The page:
Advertisement

Clonal variations in cone, seed and nut traits in a Pinus koraiensis seed orchard in Northeast China

  • David Kombi Kaviriri
  • Yuxi Li
  • Dawei Zhang
  • Hongtao Li
  • Zuoyi Fan
  • Jingyuan Wang
  • Lianfu Wang
  • Qi Wang
  • Deqiu Wang
  • Vincent L. Chiang
  • Xiyang ZhaoEmail author
Original Paper

Abstract

Korean pine (Pinus koraiensis Siebold & Zucc.) in Northeastern China has been genetically improved to increase seed yields in addition to timber. To assess seed yield variability and select highly productive clones, 14 cone, seed and nut traits were measured and analyzed. Variance analysis showed that all clones were significantly different in various traits (P < 0.01). Phenotypic coefficients of variation and repeatability of traits ranged from 9.1 to 34.4% and from 27.5 to 97.7%, respectively. Except for the cone layer and cone seed numbers, the other traits were positively or negatively correlated. Three principal components were identified. Seed and nut traits were the most important traits in the first principal component, and cone traits more important in the second. Using correlation and principal component analyses, cone number and other traits were selected to evaluate materials. Twenty-two clones were selected using a selection rate of 10% based on cone number independently or other combined traits. The genetic gain for different traits ranged from 6.2 to 24.3%. The selected elite clones can supply seedlings for reforestation and the selection method can provide a theoretical basis for selection in other conifer species.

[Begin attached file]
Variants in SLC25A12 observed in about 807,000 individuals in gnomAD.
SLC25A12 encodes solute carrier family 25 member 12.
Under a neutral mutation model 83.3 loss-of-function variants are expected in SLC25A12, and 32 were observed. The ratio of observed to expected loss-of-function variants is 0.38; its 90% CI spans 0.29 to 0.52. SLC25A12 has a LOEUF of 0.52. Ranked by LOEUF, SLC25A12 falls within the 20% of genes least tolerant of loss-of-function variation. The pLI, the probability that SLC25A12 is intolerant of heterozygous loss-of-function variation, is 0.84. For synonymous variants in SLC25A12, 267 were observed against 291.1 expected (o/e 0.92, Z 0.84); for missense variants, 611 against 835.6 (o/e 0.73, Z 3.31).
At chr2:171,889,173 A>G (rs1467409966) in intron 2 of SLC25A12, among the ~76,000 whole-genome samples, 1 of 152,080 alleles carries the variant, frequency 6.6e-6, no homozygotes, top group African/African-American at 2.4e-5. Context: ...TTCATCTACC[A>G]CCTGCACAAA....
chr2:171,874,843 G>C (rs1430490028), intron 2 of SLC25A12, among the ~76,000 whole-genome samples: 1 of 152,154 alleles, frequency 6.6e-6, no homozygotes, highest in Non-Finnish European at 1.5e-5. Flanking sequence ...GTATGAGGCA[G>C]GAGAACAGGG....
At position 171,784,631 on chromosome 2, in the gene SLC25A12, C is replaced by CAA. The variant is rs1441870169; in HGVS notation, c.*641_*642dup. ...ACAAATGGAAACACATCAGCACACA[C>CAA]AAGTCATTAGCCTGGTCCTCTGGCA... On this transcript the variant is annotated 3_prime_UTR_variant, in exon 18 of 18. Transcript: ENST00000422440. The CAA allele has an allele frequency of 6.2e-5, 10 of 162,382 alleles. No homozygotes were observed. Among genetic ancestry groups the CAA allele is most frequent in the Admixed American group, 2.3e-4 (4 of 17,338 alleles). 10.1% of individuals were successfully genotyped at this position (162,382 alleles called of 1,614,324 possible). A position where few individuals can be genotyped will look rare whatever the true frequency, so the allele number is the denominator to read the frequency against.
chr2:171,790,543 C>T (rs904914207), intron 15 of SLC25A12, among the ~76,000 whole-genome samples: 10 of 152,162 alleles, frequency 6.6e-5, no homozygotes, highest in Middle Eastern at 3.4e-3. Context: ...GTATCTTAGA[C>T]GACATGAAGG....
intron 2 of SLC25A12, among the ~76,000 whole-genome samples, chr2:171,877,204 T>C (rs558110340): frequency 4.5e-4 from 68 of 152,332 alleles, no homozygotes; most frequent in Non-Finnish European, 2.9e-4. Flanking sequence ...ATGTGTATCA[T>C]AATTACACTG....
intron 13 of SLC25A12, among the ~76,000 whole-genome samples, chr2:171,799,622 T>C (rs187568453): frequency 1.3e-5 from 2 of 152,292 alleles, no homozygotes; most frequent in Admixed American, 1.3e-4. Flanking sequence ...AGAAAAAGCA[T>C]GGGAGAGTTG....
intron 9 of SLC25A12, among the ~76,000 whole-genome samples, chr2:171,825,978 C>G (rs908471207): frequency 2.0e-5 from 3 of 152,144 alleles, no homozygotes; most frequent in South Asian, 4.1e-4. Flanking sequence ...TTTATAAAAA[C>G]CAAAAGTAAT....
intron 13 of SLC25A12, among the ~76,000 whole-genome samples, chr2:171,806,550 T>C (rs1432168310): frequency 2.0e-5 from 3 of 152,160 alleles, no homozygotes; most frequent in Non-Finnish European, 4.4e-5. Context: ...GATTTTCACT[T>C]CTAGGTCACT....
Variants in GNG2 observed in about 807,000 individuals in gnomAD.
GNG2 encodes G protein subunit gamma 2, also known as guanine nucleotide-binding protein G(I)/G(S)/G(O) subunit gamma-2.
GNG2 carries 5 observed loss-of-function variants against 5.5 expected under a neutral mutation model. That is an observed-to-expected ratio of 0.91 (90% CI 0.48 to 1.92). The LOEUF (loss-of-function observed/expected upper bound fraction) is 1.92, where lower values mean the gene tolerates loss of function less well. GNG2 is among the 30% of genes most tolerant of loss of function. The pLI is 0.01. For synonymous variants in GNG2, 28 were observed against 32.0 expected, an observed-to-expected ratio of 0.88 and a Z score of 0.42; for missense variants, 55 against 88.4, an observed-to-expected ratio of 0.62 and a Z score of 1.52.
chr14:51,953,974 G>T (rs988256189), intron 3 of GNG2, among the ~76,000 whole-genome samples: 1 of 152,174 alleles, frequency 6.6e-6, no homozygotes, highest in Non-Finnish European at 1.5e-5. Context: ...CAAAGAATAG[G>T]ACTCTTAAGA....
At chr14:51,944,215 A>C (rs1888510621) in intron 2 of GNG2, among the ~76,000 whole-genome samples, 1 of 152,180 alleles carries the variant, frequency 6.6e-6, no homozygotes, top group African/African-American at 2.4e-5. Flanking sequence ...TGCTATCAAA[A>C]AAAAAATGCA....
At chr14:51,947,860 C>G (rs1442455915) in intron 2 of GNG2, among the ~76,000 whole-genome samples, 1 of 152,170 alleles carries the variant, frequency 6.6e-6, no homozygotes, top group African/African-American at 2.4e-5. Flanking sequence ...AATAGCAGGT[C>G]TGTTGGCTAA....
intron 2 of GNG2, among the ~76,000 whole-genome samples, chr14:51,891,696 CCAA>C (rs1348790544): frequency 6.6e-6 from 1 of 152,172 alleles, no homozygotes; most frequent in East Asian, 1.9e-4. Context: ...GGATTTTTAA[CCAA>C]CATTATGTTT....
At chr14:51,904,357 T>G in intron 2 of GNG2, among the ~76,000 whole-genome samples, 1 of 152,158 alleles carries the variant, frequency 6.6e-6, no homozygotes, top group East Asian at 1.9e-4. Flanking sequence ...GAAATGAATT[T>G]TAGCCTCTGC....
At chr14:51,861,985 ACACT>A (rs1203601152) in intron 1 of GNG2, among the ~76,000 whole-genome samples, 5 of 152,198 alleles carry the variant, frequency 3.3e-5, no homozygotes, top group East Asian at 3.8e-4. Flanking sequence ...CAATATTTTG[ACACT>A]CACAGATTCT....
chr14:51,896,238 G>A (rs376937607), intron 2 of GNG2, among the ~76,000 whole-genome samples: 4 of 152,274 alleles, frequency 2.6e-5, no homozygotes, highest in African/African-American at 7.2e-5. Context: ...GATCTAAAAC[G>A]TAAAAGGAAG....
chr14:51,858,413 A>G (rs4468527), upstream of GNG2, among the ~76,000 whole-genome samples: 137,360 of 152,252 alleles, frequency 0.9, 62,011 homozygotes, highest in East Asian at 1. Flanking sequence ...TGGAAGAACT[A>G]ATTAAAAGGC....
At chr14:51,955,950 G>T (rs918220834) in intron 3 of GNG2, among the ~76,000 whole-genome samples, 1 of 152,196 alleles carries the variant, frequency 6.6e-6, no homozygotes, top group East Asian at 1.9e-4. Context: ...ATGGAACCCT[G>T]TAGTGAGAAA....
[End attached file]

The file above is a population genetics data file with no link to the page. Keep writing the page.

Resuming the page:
Keywords

Pinus koraiensis Clones Cone Seed Nut traits Principal component analysis 

Notes

Author contributions

DKK, YL and DZ have contributed equally to this work.

References

  1. Aït-Sahalia Y, Xiu DC (2019) Principal component analysis of high-frequency data. J Am Stat Assoc 114:287–303.  https://doi.org/10.1080/01621459.2017 CrossRefGoogle Scholar
  2. Bai FY, Kang N, Zhang PD, Kang XY (2019) Selection of female parents with high fertility and high combining abilities for cross-breeding Populus tomentosa. J For Res 30(2):445–450CrossRefGoogle Scholar
  3. Brancher M, Piringer M, Franco D, Belli Filho P, Lisboa H, Schauberger G (2019) Assessing the inter-annual variability of separation distances around odor sources to protect the residents from odor annoyance. J Environ Sci 79:11–24CrossRefGoogle Scholar
  4. Davis L (1967) Investments in loblolly pine clonal seed orchards: production costs and economic potential. J For 65:882–887Google Scholar
  5. Destaillats F, Cruz-Hernandez C, Giuffrida F, Dionisi F (2010) Identification of the botanical origin of pine nuts found in food products by gas-liquid chromatography analysis of fatty acid profile. J Agric Food Chem 58:2082–2087CrossRefGoogle Scholar
  6. Dyjakon A (2019) The influence of apple orchard management on energy performance and pruned biomass harvesting for energetic applications. Energies 12:632CrossRefGoogle Scholar